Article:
I am probably the closest A.netter to these quakes and didnt feel them, but did hear about it on the local news. These sort of things happen all the time in the Aleutian Islands, but they are very sparsely populated, and spread out so there is little impact in population centers, and only then due to the Tsunami they could possibly generate. Right now there is still at least two active volcanos erupting periodically. Mt Augustine has been rumbling, and throwing out ash once a week or so since January.
The star is where I live, and youll notice the Aleutians run a long way out there. From the end of the peninsula to the end of the chain is about 1000miles.
L-188 From United States of America, joined Jul 1999, 29805 posts, RR: 58
Reply 7, posted (8 years 4 months 3 weeks ago) and read 2310 times:
Pretty much a normal day for the chain. you have one and then the rest of them occur as a result...the earth settling.
you have a major fault zone running the length of those islands, which is also responsible for all the volcanos that formed all of those islands.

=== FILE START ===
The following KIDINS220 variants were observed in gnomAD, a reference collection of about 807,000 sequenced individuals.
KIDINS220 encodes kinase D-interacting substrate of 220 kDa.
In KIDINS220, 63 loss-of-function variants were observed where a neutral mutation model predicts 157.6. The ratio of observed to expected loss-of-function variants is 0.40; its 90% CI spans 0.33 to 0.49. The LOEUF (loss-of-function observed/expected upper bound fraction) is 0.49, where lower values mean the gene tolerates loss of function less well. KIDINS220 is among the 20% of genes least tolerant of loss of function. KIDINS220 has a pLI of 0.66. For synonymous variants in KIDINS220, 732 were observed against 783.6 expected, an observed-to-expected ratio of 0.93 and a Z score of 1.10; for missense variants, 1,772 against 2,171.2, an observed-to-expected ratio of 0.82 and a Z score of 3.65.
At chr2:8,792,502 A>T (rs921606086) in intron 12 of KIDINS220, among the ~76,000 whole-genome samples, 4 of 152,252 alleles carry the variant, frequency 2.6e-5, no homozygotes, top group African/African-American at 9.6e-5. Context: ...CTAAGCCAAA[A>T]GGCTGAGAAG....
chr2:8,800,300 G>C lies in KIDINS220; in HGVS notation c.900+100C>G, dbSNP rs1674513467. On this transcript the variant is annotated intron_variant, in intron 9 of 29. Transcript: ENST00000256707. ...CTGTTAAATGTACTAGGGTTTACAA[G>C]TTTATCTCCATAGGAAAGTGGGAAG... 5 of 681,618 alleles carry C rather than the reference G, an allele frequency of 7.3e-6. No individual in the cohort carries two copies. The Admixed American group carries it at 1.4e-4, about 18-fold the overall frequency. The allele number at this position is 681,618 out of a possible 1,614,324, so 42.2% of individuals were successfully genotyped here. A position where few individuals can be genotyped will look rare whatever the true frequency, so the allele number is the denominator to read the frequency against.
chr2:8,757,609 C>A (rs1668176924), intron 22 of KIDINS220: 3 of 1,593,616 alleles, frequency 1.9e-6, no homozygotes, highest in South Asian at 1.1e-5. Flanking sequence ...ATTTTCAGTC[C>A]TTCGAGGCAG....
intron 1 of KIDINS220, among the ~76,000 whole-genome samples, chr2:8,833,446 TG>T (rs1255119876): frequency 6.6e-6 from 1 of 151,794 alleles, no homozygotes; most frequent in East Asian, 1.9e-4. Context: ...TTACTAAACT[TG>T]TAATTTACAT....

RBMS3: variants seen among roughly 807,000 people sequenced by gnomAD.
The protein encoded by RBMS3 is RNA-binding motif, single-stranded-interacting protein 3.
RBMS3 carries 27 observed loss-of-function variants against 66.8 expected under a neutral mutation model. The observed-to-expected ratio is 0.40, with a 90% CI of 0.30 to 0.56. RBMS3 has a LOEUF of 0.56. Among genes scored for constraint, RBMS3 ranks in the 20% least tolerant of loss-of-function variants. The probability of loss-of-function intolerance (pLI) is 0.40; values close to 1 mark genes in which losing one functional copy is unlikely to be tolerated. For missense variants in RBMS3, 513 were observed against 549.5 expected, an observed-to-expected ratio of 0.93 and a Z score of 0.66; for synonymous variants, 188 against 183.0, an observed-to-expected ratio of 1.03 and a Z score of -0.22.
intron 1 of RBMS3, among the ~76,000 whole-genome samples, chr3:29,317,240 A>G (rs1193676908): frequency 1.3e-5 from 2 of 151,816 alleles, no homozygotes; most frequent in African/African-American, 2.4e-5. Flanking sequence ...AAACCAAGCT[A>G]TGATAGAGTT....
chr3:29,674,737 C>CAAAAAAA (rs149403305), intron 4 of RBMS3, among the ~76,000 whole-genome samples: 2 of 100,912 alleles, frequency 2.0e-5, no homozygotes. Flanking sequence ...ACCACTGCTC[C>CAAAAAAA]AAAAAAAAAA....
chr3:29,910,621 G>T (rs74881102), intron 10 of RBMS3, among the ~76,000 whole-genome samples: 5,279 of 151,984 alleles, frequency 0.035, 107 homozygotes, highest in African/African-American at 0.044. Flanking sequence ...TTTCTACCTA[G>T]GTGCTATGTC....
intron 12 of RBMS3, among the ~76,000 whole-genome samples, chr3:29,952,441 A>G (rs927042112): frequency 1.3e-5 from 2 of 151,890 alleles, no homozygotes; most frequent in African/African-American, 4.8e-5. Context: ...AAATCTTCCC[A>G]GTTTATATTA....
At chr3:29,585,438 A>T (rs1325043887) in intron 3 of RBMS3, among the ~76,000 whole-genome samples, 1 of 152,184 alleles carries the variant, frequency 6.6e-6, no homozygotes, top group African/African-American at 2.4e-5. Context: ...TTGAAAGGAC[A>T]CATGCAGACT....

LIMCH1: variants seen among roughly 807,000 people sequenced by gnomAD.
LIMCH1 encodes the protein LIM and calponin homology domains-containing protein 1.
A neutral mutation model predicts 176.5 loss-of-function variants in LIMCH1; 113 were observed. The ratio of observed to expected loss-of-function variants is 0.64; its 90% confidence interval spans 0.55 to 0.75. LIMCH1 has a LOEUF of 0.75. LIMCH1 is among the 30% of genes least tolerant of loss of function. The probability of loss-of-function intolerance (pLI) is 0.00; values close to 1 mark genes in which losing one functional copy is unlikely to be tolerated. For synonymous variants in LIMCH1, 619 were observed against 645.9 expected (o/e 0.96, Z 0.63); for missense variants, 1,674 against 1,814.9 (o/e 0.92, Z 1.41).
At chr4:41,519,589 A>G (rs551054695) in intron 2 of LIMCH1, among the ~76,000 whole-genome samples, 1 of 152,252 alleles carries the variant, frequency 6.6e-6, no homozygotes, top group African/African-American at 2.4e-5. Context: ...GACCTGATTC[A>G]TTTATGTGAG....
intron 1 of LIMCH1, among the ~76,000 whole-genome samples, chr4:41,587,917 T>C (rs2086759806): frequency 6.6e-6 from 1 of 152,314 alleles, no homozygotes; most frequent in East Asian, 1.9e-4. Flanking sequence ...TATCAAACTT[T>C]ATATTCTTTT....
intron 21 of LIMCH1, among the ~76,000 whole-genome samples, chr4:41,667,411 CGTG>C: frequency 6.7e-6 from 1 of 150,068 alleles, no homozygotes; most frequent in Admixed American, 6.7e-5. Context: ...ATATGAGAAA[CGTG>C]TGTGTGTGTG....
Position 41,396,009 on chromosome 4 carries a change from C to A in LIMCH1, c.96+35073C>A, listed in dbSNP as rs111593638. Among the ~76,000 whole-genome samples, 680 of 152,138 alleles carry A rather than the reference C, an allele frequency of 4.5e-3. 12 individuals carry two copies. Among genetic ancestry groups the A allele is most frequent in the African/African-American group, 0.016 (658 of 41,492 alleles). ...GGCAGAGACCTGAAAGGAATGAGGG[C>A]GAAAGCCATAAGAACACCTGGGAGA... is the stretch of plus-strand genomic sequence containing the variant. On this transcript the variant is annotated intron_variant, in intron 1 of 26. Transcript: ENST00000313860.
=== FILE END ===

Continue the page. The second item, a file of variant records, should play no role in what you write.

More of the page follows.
Just for reference, that is Kiska Island, during WWII that was a Japanese held island. The entire north end of that island is one volcano.
And on the right lower corner is Amchitka Island, We bombed the japs on Kiska from there. And after the war the US did underground bomb tests in the late 60's early 1970's. The largest US atomic bomb ever tested was blown under that island in the 1970's.
It's unrelated to the earthquakes but you want to see the earth move, watch this film of the largest Amchitka blast.
Edit:Found the videos I was looking for. First one is a bit dark, second one was the big one. LIke I said, if you want to see the earth move.....make you wonder what all these earthquakes are doing for the radiation under that island now.
BushPilot is closer, rather was closer, and no way we'd have felt those in ANC . . . Rat Islands over a thousand miles from here . . . give or take a glacier or two.
As L-188 says, pretty much a normal day for the Aleutians. Hell, almost normal for the rest of Alaska . . . we have quakes all the time . . . some small, some larger - some kick ass, although those are few and far between.